37 1.0 0.01 0.01 0.25 Non-sintered - - -
    38 1.0 0.01 0.04 0.25 0.92 1.1 1.6 300
    39 1.0 0.01 0.49 0.25 0.58 0.65 1.9 320
    40 1.0 0.01 0.94 0.25 0.53 0.62 2.0 340
    41 1.0 0.01 0.97 0.25 Melt - - -
    42 1.0 0.5 0.45 0.25 0.72 1.2 2.1 350
    43 1.0 0.5 0.48 0.25 Melt - - -
    44 1.0 0.94 0.01 0.25 0.63 1.1 1.9 340
    45 1.0 0.94 0.04 0.25 Melt - - -
    46 0.3 0.5 - 0.25 Melt - - -
    47 0.5 0.5 - 0.25 1.2 2.4 2.1 350
    4 1.0 0.5 - 0.25 0.53 0.61 3.0 370
    48 1.5 0.5 - 0.25 2.2 5.2 2.7 320
    49 1.7 0.5 - 0.25 Insul'n 6×10¹³ - 140
  • [0058]
    From this table, it is evident that, when a total of 0.02 mol of ZrO₂ and TiO₂ is used, the material cannot be sintered (Sample 37). When a total of 0.98 mol of ZrO₂ and TiO₂ is used, it is melted (Samples 41, 43 and 45). When 0.5 mol of ZrO₂ is used while TiO₂ is not used and 0.3 mol of BaO is used, it is melted (Sample 46). When 1.7 mols of BaO is used, it is turned to insulating material (Sample 49).
  • [0059]
    When a total of 0.05 to 0.95 mol of ZrO₂ and TiO₂ and 0.5 to 1.5 mols of BaO are used, a conductor or semiconductor layer containing principal component Ta of several µ m in thickness is formed on the surface of the semiconductor ceramics.
  • [0060]
    Table 7 shows physical properties of Samples 50 to 54, for which 0.5 mol of ZrO₂ and 0.25 mol of Ta₂O₅ are used and the quantities of BaO, SrO and CaO are changed, as raw materials. Table 7
    Sample No. Composition (mol) Surface resistance (Ω/□) Internal resistance (Ω/cm) Surface layer thickness (µm) Thermal shock resistance (°C)
    BaO SrO CaO ZrO₂ Ta₂O₅
    50 0 1.0 0.5 0.25 0.62 0.72 2.5 360
    51 0 1.0 0.5 0.25 0.72 0.93 2.1 300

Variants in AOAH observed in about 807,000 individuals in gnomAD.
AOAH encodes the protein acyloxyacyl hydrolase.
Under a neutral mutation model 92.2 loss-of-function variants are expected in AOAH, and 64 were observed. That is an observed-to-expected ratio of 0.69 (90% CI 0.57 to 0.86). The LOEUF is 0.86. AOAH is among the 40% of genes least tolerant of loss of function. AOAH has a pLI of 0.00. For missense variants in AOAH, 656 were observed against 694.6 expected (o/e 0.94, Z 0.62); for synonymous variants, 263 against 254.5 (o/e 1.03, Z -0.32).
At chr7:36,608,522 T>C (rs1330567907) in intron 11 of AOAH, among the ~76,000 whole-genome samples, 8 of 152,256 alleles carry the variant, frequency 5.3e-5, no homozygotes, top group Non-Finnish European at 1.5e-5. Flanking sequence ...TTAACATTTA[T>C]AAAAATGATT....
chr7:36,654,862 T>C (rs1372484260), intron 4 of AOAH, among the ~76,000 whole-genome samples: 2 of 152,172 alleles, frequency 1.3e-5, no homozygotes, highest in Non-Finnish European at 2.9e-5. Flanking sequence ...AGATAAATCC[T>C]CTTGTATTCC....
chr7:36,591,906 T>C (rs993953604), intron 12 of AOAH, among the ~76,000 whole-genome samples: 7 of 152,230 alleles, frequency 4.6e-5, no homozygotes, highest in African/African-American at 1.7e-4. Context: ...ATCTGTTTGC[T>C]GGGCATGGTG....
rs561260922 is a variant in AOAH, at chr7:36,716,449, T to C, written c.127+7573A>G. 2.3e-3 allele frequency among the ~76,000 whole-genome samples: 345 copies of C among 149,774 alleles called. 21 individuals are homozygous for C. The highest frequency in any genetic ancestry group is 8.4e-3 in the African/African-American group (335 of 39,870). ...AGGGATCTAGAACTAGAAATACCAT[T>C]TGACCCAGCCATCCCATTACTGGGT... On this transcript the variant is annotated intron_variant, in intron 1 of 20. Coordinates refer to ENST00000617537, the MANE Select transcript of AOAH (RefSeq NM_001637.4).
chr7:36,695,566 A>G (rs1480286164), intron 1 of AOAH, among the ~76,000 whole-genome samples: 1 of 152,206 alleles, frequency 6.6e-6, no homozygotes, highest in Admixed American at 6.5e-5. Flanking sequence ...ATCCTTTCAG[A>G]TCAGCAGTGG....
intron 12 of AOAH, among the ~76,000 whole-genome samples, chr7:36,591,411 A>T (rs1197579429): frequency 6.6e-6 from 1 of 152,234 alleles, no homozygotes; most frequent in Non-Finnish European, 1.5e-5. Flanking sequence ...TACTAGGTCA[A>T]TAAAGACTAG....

52 0.5 0.5 0.5 0.25 0.55 0.87 2.4 340
    53 0.5 0.5 0.5 0.25 0.51 0.91 2.1 350
    54 0.5 0.2 0.25 0.5 0.25 0.54 0.92 2.2 340
  • [0061]
    From this table, it is evident that, when 0.5 mol of BaO is used and a total of 1 mol of BaO + SrO + CaO is used, a conductor layer or a semiconductor layer containing principal component Ta of several µ m in thickness is formed on the surface of the semiconductor ceramics.
  • [0062]
    Table 8 summarizes data of internal resistance of the materials, which were manufactured using 1.0 mol of BaO, 0.8 mol of ZrO₂, and 0.1 mol of Ta₂O₅ as raw materials as in Table 1, by varying particle size and firing temperature. Table 8
    Particle size (µm) 1100°C 1200°C 1300°C 1500°C 1600°C 1800°C 2300°C 2500°C
    3.0 Insul'n Insul'n Insul'n Insul'n Insul'n Melt Melt Melt
    2.5 Insul'n 6.2 4.2 3.8 3.8 5.2 9.2 Melt
    1.7 Insul'n 5.8 5.2 4.0 3.9 6.2 9.8 Melt
  • [0063]
    Table 9 gives data of internal resistance of the materials, which were manufactured using 1.0 mol of BaO, 0.2 mol of ZrO₂ and 0.4 mol of Ta₂O₅ as raw materials, by varying particle size and firing temperature. Table 9
    Particle size (µm) 1100°C 1200°C 1300°C 1500°C 1600°C 1800°C 2300°C 2500°C
    3.0 Insul'n Insul'n Melt Melt Melt Melt Melt Melt
    2.5 Insul'n 1.3 1.4 8.0 8.1 5.2 7.8 Melt
    1.7 Insul'n 1.7 1.5 7.5 7.6 8.2 9.2 Melt
  • [0064]
    From these tables, it is evident that firing temperature range is extended by decreasing particle size of the crushed materials.
  • [0065]
    Table 10 shows physical properties of Samples 55 to 61, which have the same composition and underwent the same processings as Samples 2, 4, 6, 9, 10, 13 and 14 as shown in Table 3 and for which reducing and firing were not carried out, and hence a conductor layer or a semiconductor layer was not formed on the surface of the ceramics. Table 10
    Sample No. Composition (mol) Surface resistance (Ω/□) Internal resistance (Ω/cm) Surface layer thickness (µm) Thermal shock resistance (°C)
    BaO ZrO₂ Ta₂O₅
    4 1.0 0.5 0.25 0.53 0.61 3.0 370
    55 1.0 0.5 0.25 200K< 6.2 0 150
    2 1.0 0.95 0.025 2.4 7.2 1.2 250
    56 1.0 0.95 0.025 200K 9.2 0 160
    6 1.0 0.05 0.475 0.83 0.96 2.3 340
    57 1.0 0.05 0.475 200K< 1.2 0 140
    9 1.0 0.5 0.025 0.90 1.2 1.6 310
    58 1.0 0.5 0.025 200K< 8.3 0 130
    10 1.0 0.5 0.475 0.52 0.72 2.1 350
    59 1.0 0.5 0.475 200K< 0.22 0 140